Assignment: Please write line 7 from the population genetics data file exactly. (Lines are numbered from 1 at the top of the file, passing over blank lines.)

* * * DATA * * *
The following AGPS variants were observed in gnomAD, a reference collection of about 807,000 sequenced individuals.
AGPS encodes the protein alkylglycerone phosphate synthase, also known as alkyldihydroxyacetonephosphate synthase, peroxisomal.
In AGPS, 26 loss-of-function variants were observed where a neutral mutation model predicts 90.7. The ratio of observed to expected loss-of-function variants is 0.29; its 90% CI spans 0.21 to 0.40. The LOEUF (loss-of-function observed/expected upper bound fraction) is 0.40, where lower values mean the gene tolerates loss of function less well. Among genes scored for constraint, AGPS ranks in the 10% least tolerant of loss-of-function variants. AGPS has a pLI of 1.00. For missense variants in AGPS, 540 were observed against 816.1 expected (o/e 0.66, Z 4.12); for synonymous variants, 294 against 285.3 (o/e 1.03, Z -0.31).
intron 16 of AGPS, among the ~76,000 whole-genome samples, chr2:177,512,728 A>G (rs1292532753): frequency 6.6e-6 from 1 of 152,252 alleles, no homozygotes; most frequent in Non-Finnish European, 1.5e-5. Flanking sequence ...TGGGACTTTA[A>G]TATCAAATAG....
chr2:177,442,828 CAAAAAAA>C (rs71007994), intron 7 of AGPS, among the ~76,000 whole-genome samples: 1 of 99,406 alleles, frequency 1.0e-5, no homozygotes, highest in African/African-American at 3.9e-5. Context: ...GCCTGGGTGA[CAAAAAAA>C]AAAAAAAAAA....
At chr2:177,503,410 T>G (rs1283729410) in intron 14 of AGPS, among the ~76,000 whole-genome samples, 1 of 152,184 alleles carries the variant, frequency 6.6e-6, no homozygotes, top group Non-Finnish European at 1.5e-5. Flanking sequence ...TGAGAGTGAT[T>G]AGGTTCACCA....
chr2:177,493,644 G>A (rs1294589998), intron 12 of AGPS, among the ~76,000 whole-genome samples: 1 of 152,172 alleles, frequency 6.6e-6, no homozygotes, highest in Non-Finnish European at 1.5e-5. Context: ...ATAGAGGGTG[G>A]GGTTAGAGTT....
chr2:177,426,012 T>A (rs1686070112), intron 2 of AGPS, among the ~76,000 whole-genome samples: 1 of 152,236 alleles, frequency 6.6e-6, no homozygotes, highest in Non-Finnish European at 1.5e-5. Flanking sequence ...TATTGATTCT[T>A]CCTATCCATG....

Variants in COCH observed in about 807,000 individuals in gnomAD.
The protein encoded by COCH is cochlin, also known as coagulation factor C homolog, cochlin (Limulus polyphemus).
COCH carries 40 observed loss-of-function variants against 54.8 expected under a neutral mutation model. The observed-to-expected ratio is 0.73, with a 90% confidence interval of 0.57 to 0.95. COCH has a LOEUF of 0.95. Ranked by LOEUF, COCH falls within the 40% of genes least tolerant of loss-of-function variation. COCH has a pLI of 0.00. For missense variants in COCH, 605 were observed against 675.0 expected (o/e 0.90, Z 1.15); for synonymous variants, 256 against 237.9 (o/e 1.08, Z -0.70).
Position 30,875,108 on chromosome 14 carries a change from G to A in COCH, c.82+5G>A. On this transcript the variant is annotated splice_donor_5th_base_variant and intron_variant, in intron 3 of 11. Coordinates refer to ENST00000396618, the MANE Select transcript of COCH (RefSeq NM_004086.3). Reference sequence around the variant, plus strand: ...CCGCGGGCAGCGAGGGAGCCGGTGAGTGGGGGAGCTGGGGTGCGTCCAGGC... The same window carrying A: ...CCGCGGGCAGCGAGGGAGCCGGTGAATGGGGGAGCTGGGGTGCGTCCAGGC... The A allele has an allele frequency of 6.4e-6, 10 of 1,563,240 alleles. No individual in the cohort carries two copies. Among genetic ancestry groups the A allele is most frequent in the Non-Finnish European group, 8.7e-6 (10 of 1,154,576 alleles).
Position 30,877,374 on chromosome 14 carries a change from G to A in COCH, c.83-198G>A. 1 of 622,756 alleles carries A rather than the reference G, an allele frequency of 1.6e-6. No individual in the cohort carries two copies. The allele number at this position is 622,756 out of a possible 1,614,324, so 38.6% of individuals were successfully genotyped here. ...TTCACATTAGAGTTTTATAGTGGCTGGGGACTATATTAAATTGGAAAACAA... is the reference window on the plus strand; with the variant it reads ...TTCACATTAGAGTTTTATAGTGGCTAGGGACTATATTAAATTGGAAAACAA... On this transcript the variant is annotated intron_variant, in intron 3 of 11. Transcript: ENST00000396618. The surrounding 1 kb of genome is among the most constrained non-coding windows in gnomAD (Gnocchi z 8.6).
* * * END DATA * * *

chr2:177,493,644 G>A (rs1294589998), intron 12 of AGPS, among the ~76,000 whole-genome samples: 1 of 152,172 alleles, frequency 6.6e-6, no homozygotes, highest in Non-Finnish European at 1.5e-5. Context: ...ATAGAGGGTG[G>A]GGTTAGAGTT....